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This review is from: Brotherhood of the Rope: The Biography of Charles Houston (Legends and Lore) (Paperback)
This review is based on the 2007 hardback edition complete with a DVD showing historic film of the 1938 and 1953 attempts on K2. Commentary refers to the rope bonding climbers together mentally as well as physically, and is the source of the title: `Brotherhood of the Rope'. Author Bernadette McDonald's book is a brilliant biography of legendary mountaineer Charles Houston providing new insights to his well known K2 expeditions as well as to his childhood, to his early exploits on Mount Foraker, Nanda Devi etc., to his medical career and research programmes, and to Peace Corps involvement, plus many associated and fascinating roles. Charles Houston is a brilliant man, but plagued by self doubt with a "sometimes difficult personality". As well as public records for consultation the author had many discussions with Houston and his contemporaries with access to private writings. In forthright no-nonsense style she does not shrink from invasive scrutiny to ensure a complete portrait of a harrowed but honourable human being.
From revelations of Houston's introvert nature and moody behaviour as a child it is somewhat surprising how he became such an able and charismatic expedition leader - as McDonald states: in the mountains "Charlie ... found his tribe". She relies on numerous quotes by her subject in addition to commenting on his views over leadership, team spirit etc. After valiant attempts at rescue the tragic loss of Art Gilkey on K2 in 1953 led to Houston giving up expedition climbing, but a heroic reputation was established and he was later to receive many honours and honorary membership of American Alpine Club, Climbers' Club (referred to as Welsh!) and others. He never lost contact with the mountaineering fraternity and could be fiercely critical of evolving developments. As a judgemental idealist he was equally outspoken in his professional life where he inflicted damage upon himself as belief in his own medical practices and research led to disappointment and disagreement with colleagues. Charles Houston's professional life is chronicled as a series of ad hoc seized opportunities for pioneering research combined with mountaineering matters - particularly investigating affects of high altitude.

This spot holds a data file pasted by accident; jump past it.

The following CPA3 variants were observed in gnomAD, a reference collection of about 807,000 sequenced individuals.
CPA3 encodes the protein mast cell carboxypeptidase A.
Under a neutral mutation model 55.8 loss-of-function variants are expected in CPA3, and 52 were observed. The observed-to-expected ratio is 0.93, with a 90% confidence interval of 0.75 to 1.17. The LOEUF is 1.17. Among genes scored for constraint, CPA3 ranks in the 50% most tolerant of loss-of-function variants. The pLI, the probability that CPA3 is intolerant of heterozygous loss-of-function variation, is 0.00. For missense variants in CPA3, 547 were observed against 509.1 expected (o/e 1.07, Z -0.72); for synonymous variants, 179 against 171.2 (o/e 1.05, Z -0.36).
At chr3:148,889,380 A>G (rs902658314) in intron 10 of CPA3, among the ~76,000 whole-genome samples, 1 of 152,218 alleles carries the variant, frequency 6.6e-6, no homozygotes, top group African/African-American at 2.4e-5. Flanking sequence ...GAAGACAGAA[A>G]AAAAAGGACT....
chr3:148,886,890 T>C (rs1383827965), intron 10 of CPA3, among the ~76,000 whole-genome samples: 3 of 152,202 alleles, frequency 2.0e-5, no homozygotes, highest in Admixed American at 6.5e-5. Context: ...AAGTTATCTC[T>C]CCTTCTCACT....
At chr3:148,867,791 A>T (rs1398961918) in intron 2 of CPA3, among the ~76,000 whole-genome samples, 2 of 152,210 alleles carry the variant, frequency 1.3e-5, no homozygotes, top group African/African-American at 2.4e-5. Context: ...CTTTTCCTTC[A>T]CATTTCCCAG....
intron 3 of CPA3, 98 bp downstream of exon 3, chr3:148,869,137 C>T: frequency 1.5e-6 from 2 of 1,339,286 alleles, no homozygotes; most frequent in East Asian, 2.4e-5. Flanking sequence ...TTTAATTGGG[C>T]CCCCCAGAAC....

Bernadette McDonald deals skilfully with the numerous interconnections of Charles Houston's life including aspects of twentieth century issues, and she reveals an extraordinary and exciting but human and humble man who succeeded in so many ways, and yet who became depressed over his self-perceived failures. She ends `Brotherhood of the Rope' with reference to eulogies from mountaineers and medical men, and to Charlie finally acknowledging his life has influenced people positively "in ways that caused them to live their lives more fully". Her brilliant biography (short-listed 2007 Boardman Tasker Award) does great service to mountaineering literature as through a unique, complex and principled man it reflects on an era of past values.